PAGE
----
The Nuestro South Loud & Proud series focuses on the Poder y Cultura that Nuestra Gente in the South can possess. From the comida que cocinamos, the music we play, and our labor which plants, cleans, and builds-- Nuestra Gente has grown deep roots in the south.
In this episode- What does it mean to be Half-Hillbilly and Half-Mexican? How do Latinx families come to settle in the Appalachian regions? How does our music and culture express a new vision for our communities future?
Like the broader US South, Appalachia is a vast region filled with its own history and nuances but it is still largely stereotyped as a particularly white space . The truth and history is much more nuanced, and just like in the deep South, Nuestra Gente has roots all across Appalachia and has enriched the region with their food, language, music, and culture.
Tune in to discover the cultural bridges being formed through the Mexilachian music of the Lua Project, and the activist sounds of the Latingrass group Che Apalache as Sophia Enriquez walks us through her own family's journey and the significance of our music in the Appalachian-Latinx experience.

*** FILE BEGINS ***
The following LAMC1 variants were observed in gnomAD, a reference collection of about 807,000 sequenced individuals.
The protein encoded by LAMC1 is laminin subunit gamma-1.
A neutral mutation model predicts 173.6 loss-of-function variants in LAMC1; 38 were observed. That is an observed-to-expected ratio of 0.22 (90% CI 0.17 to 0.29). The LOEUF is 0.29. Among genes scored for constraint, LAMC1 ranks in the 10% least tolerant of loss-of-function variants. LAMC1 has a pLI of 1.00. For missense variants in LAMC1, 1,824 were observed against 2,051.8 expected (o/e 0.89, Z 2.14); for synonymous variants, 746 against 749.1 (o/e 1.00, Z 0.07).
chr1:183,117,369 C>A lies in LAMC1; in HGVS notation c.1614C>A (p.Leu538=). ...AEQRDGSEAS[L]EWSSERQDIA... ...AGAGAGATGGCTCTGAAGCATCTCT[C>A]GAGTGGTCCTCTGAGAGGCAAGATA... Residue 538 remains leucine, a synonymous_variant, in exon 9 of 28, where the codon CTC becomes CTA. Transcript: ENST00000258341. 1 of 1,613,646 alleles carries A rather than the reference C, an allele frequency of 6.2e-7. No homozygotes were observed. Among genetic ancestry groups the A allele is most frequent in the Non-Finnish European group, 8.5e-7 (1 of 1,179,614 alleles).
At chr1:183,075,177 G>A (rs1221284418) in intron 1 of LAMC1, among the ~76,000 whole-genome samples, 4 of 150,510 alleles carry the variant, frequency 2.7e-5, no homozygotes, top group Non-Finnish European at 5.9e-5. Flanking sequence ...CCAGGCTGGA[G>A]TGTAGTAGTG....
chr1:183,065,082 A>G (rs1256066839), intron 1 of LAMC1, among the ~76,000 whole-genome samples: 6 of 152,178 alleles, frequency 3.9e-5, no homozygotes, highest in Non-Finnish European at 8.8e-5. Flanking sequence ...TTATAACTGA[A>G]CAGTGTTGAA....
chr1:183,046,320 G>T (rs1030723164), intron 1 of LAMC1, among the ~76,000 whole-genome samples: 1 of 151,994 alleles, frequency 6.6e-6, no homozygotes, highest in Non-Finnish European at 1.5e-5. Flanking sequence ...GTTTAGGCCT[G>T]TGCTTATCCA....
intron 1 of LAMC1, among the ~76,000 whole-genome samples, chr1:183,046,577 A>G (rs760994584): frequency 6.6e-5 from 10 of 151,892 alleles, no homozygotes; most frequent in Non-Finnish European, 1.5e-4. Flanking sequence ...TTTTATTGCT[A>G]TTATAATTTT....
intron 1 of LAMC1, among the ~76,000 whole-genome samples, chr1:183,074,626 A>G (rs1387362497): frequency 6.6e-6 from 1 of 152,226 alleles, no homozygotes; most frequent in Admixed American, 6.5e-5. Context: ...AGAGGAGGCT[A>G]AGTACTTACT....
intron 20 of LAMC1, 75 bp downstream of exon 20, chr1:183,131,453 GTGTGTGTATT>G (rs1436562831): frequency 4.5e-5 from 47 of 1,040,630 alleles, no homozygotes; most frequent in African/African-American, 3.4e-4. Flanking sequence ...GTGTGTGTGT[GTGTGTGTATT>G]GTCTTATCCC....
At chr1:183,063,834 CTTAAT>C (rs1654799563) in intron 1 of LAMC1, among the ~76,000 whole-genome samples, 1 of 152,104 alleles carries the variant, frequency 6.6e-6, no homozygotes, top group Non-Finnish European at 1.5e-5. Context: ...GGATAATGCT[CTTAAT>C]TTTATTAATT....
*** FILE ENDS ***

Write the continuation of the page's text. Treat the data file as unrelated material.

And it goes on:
Sophia is a scholar, teacher, and musician from Appalachian Ohio. She is a PhD candidate in ethnomusicology at Ohio State University. Her dissertation titled “Canciones de Las Apalaches: Latinx Music, Migration, and Belonging in Appalachia” sheds light on the long-standing contributions of Latinx people to Appalachian music. Sophia plays Appalachian and Mexican music styles—such as ranchera and bluegrass—and performs with the folk trio the “Good Time Girls” in Columbus, Ohio.
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The Nuestro South Loud & Proud Interview Series is produced by Axel Herrera, Julie Weise, and Erik Valera with generous sponsorship from the Whiting Foundation, the University of Oregon College of Arts and Sciences, and LatinxEd.